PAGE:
• Or var getTriangular = function(n){ return n * (n + 1 ) / 2; }, getPentagonal = function(n){ return n * ( 3 * n - 1 ) / 2; }, getHexagonal = function(n){ return n * ( 2 * n - 1 ); }, getNextTriangluarPentagonalHexagonalNumber = function(t,p,h){ var tt = getTriangular(t), pp = getPentagonal(p), hh = getHexagonal(h); while ( true ){ var max = Math.max( tt, pp, hh ); if ( tt < max ) { tt = getTriangular(++t); } else if ( pp < max ) { pp = getPentagonal(++p); } else if ( hh < max ) { hh = getHexagonal(++h); } else { return [t,p,h]; } } } getNextTriangluarPentagonalHexagonalNumber(286,166,144); – MT0 Nov 3 '14 at 0:29
• @MT0 Those would be much easier to read in an answer rather than a comment. – Brythan Nov 3 '14 at 0:31
• The first thing you have to realize is that every hexagonal number is also a triangular number, so you don't have to check triangular numbers at all.
• Also, you don't need the slow BigInteger, just use long.
• Storing all numbers in a collection is not necessary, since you only need to keep one number at a time.
• You can of course use IsPentagonal(n) (as MT0 does), but I found that simply iterating over the pentagonals is a lot faster. (Math.Sqrt is slow)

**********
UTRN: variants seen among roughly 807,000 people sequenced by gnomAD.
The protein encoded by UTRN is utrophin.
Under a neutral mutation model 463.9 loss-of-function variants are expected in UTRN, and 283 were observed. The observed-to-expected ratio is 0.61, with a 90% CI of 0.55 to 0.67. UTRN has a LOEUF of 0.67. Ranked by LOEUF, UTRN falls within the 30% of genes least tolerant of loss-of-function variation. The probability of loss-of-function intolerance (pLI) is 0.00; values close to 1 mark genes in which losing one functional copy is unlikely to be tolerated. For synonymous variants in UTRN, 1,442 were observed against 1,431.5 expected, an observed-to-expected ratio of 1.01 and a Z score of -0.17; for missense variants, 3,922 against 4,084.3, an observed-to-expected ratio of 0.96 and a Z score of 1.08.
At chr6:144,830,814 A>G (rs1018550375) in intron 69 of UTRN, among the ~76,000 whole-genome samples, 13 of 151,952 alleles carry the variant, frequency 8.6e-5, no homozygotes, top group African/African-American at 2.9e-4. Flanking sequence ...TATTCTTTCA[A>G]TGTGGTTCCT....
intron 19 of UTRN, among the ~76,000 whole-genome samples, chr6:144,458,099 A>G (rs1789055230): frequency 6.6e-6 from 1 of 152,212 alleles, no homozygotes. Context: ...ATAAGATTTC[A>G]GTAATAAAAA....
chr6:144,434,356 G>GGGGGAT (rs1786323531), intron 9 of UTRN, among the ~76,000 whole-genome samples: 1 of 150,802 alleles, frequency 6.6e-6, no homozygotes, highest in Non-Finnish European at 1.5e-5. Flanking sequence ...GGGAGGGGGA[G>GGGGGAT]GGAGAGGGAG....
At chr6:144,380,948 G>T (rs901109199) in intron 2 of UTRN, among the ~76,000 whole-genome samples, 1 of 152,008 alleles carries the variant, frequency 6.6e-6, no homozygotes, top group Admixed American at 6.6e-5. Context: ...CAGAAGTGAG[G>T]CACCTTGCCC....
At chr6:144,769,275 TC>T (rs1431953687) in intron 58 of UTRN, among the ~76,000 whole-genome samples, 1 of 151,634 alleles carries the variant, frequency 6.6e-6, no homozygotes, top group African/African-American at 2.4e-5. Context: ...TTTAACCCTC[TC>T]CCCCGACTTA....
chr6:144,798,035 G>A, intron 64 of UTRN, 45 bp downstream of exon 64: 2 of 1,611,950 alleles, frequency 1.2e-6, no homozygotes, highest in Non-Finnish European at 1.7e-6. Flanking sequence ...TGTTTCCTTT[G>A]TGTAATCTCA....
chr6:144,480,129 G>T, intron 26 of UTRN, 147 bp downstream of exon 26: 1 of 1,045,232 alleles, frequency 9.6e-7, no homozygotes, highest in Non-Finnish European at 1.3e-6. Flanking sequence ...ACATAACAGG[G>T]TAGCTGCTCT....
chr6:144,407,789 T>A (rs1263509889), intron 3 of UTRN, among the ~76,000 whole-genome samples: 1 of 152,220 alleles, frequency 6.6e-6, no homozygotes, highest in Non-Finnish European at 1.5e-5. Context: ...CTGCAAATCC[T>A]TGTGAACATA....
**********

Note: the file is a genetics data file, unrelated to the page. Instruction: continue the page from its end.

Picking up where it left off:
public long Solve045()
{
long h = 144L, p = 166L; //given as lower bounds
long hex, penta = 0L;
do {
hex = Hexagonal(h++);
while (penta < hex) penta = Pentagonal(p++);
} while (hex != penta);
return hex;
}

private long Hexagonal(long n)
{
return n * (2 * n - 1);
}

private long Pentagonal(long n)
{
return n * (3 * n - 1) / 2;
}


You can also inline the 2 methods to keep it all in one place:

public long Solve045()
{
long = 144L, p = 166L; //given as lower bounds
long hex, penta = 0L;
Func<long, long> hexagonal = n => n * (2 * n - 1),
pentagonal = n => n * (3 * n - 1) / 2;
do {
hex = hexagonal(h++);
while (penta < hex) penta = pentagonal(p++);
} while (hex != penta);
return hex;
}